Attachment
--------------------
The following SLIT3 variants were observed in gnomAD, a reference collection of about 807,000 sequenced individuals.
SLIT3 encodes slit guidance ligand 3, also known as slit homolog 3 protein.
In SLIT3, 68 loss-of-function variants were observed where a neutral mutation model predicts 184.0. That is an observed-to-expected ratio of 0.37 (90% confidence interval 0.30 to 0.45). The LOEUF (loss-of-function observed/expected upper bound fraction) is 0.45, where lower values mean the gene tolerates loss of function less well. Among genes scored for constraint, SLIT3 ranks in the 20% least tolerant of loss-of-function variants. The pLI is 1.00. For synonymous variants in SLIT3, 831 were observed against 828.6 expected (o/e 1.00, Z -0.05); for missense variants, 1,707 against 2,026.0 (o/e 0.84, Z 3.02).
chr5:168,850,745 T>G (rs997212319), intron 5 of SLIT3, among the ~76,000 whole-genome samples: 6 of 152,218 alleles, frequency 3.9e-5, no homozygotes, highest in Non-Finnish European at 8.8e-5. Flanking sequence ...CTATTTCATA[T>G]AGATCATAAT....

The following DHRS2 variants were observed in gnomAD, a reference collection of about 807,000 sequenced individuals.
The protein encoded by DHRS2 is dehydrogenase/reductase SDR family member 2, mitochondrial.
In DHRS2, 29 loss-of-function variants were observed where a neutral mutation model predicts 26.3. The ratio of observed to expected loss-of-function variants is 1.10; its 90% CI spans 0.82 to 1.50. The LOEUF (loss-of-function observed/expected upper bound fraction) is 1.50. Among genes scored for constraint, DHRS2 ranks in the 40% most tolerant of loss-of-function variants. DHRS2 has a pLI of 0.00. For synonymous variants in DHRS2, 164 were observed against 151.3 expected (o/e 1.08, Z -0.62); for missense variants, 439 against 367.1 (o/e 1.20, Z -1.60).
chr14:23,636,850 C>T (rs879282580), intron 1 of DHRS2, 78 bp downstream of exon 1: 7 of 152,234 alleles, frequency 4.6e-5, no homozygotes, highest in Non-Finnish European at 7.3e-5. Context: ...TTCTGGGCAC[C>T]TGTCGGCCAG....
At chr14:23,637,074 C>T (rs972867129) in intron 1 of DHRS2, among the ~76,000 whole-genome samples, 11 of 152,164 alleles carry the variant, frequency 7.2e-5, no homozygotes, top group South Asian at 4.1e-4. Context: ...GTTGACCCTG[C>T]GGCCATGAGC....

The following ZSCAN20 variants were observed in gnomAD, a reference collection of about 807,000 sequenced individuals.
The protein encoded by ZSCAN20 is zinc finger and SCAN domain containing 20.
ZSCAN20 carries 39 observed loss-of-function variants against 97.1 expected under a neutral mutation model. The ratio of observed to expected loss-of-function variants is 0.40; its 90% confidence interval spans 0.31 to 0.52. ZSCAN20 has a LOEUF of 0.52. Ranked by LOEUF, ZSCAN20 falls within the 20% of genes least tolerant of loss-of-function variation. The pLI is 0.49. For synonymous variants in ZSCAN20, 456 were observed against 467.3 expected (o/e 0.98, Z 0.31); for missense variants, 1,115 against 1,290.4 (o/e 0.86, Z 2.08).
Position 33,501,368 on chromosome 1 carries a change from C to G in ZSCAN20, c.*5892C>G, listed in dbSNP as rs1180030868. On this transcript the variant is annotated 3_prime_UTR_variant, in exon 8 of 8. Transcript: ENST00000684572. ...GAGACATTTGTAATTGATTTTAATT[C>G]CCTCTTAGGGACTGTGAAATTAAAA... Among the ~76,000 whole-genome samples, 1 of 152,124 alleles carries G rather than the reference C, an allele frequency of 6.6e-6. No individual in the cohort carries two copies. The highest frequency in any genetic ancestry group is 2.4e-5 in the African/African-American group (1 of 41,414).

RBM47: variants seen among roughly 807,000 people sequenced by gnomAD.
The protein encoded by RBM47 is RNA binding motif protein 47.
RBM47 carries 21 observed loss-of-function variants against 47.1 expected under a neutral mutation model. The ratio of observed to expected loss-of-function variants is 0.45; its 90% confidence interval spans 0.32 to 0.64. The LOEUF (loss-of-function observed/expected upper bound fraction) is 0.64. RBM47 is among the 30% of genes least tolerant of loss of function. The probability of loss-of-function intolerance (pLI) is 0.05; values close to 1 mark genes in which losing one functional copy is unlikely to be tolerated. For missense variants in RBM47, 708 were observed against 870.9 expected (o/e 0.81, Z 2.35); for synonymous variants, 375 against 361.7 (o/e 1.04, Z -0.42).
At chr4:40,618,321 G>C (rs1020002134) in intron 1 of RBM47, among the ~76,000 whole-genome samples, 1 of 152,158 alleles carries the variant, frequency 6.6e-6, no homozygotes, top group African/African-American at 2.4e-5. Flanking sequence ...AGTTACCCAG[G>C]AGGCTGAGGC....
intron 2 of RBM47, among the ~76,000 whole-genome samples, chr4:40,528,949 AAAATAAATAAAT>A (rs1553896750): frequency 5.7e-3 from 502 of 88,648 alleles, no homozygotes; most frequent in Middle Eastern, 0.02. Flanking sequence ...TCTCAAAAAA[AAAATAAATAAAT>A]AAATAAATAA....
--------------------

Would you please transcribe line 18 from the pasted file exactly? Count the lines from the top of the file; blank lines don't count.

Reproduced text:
intron 2 of RBM47, among the ~76,000 whole-genome samples, chr4:40,528,949 AAAATAAATAAAT>A (rs1553896750): frequency 5.7e-3 from 502 of 88,648 alleles, no homozygotes; most frequent in Middle Eastern, 0.02. Flanking sequence ...TCTCAAAAAA[AAAATAAATAAAT>A]AAATAAATAA....